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Five Reasons Millennials Aren’t Answering Your Phone Call

Texting has overtaken phone calls as the most popular mobile function on our mobile devices, across all generations, according to mobile research agency Reality Mine. And Millennial women use texting/SMS three times more often than calling. That’s a lot of people using texting to communicate.

Phone calls have taken a backseat to texting ever since 2009, when the amount of text and e-mail messages, streaming video, music and other services on mobile devices surpassed the amount of cell phone calls made. And you can thank Millennials for leading the way: the virtual keyboard, multi-touch interface, predictive text technology — and the saving grace of the entire Millennial generation, automatic spell check — added up to instant Nirvana.

So if texting has become the standard, why do managers still get frustrated when their Millennial workforce doesn’t answer their phone?

Because it’s unproductive. More specifically, a phone call is:

  • Distracting. A phone call can sever focus, disrupt workflow, and draw people away from important projects and crucial timelines. A quick text to your employees lets them respond at a convenient time between projects.

  • Presumptuous. Phone calls presume that the person picking up on the receiving end should drop everything and adhere to your agenda. Texting (and email) is passive communication that doesn’t need real-life interaction.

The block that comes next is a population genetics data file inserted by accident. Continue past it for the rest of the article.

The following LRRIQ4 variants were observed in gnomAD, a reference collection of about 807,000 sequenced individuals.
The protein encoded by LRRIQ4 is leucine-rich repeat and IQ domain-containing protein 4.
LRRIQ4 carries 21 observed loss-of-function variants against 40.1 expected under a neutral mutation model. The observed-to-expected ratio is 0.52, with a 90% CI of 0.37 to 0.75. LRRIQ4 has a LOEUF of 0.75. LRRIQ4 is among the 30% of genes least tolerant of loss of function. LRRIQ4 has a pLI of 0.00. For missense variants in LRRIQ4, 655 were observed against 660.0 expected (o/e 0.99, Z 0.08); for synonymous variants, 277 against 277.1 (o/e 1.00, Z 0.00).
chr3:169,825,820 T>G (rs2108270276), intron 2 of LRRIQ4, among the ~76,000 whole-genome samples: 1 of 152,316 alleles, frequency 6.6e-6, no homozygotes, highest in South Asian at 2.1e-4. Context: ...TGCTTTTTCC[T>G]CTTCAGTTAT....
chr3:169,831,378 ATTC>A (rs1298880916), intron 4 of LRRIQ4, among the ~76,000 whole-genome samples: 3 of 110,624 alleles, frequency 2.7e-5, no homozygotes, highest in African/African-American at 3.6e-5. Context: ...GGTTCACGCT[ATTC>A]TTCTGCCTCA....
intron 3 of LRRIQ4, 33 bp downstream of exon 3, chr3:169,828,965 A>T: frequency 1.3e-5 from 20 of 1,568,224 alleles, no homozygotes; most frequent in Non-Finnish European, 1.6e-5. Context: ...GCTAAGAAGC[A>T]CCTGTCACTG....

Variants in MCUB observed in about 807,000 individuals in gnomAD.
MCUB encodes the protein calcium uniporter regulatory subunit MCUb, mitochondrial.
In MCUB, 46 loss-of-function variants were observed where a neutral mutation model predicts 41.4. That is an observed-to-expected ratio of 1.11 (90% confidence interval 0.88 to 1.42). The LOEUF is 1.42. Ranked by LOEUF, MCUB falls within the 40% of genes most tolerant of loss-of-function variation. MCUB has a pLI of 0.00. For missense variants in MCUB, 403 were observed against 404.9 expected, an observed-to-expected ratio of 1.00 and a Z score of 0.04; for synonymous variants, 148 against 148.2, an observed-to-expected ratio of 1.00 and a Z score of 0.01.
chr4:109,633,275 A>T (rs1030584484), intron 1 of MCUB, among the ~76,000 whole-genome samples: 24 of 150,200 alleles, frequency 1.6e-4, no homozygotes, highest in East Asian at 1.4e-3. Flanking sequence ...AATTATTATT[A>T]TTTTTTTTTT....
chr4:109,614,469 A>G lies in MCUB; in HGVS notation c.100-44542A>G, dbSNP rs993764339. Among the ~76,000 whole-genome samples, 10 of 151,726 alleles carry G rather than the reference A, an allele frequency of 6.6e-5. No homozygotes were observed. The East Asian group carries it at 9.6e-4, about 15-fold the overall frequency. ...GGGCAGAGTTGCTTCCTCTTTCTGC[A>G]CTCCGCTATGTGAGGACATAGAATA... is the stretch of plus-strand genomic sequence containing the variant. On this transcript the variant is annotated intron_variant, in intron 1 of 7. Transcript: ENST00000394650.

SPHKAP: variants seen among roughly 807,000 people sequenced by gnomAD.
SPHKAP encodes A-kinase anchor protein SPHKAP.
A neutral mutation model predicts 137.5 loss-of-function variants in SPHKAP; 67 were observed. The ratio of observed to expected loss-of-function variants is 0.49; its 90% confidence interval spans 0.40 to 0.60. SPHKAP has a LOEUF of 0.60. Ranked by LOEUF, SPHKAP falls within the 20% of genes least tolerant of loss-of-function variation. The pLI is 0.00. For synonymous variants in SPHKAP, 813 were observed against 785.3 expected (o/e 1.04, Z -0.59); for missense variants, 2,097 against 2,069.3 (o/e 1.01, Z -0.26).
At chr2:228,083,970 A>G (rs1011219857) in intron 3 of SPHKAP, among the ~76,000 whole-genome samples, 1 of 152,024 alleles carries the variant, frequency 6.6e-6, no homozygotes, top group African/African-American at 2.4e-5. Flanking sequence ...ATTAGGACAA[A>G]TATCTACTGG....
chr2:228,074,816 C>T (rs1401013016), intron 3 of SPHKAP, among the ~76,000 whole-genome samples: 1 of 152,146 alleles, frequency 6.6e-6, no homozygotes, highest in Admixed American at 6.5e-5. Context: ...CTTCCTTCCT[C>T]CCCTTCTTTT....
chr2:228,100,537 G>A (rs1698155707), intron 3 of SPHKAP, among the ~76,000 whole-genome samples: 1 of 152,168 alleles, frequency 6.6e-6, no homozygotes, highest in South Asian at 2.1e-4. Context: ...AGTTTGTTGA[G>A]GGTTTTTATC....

• Inefficient. Phone calls take up valuable time, and callers often meander until they land on why they called in the first place. Texting forces you to edit your thoughts into a clear, actionable message and creates a written record that can be referred back to endlessly so you get (and send) only essential information.

  • Ineffective. Missed calls result in phone tag, a supremely unnecessary game in an age of instantaneous communication alternatives. If a picture is worth a thousand words, is an emoji worth 500? Texting is quick, effective and efficient. In fact, 90% of all text messages are read within 3 minutes.

  • Time-consuming. The time costs of a “quick 5-minute call” can actually exceed 15-20 minutes including salutations, pleasantries, small talk, goodbyes, and the time it takes to refocus on the original task post-call. Some experts say it can take as much as 23 minutes to refocus on a task after a phone call. Texting limits unnecessary salutations and the exchange of irrelevant information, and the time cost of a text can be as low as a few seconds.

So, are phone calls still valuable? Of course, especially because voice, tone, or importance can’t be conveyed with the same power and urgency. So save those phone calls and elevate the productivity of your Millennial workforce by upping your texting game. You’ll be glad you did.

Ryan Jenkins

Ryan Jenkins is an internationally-recognized keynote speaker and author on the topics of leadership, generational differences, and the future of work. He is the co-founder of SyncLX, which creates lasting learning experiences for companies’ #1 asset, their people.